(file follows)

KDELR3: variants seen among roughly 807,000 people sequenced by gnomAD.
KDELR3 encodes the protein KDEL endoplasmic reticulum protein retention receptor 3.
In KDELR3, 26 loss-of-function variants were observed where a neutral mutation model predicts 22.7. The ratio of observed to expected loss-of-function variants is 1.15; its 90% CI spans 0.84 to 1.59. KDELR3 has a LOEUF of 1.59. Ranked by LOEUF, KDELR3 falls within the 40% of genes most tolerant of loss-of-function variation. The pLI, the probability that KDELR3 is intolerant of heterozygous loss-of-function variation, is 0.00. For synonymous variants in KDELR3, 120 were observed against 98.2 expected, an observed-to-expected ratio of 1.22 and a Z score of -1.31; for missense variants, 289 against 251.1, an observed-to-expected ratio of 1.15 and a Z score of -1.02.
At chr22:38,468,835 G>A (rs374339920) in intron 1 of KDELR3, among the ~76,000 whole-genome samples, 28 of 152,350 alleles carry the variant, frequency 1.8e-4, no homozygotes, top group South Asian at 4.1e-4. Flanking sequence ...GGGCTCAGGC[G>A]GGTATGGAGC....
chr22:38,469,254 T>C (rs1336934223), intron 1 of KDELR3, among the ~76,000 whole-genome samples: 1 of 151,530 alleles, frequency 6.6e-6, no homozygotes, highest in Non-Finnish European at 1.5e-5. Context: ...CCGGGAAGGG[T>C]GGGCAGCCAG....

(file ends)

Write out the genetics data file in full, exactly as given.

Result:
KDELR3: variants seen among roughly 807,000 people sequenced by gnomAD.
KDELR3 encodes the protein KDEL endoplasmic reticulum protein retention receptor 3.
In KDELR3, 26 loss-of-function variants were observed where a neutral mutation model predicts 22.7. The ratio of observed to expected loss-of-function variants is 1.15; its 90% CI spans 0.84 to 1.59. KDELR3 has a LOEUF of 1.59. Ranked by LOEUF, KDELR3 falls within the 40% of genes most tolerant of loss-of-function variation. The pLI, the probability that KDELR3 is intolerant of heterozygous loss-of-function variation, is 0.00. For synonymous variants in KDELR3, 120 were observed against 98.2 expected, an observed-to-expected ratio of 1.22 and a Z score of -1.31; for missense variants, 289 against 251.1, an observed-to-expected ratio of 1.15 and a Z score of -1.02.
At chr22:38,468,835 G>A (rs374339920) in intron 1 of KDELR3, among the ~76,000 whole-genome samples, 28 of 152,350 alleles carry the variant, frequency 1.8e-4, no homozygotes, top group South Asian at 4.1e-4. Flanking sequence ...GGGCTCAGGC[G>A]GGTATGGAGC....
chr22:38,469,254 T>C (rs1336934223), intron 1 of KDELR3, among the ~76,000 whole-genome samples: 1 of 151,530 alleles, frequency 6.6e-6, no homozygotes, highest in Non-Finnish European at 1.5e-5. Context: ...CCGGGAAGGG[T>C]GGGCAGCCAG....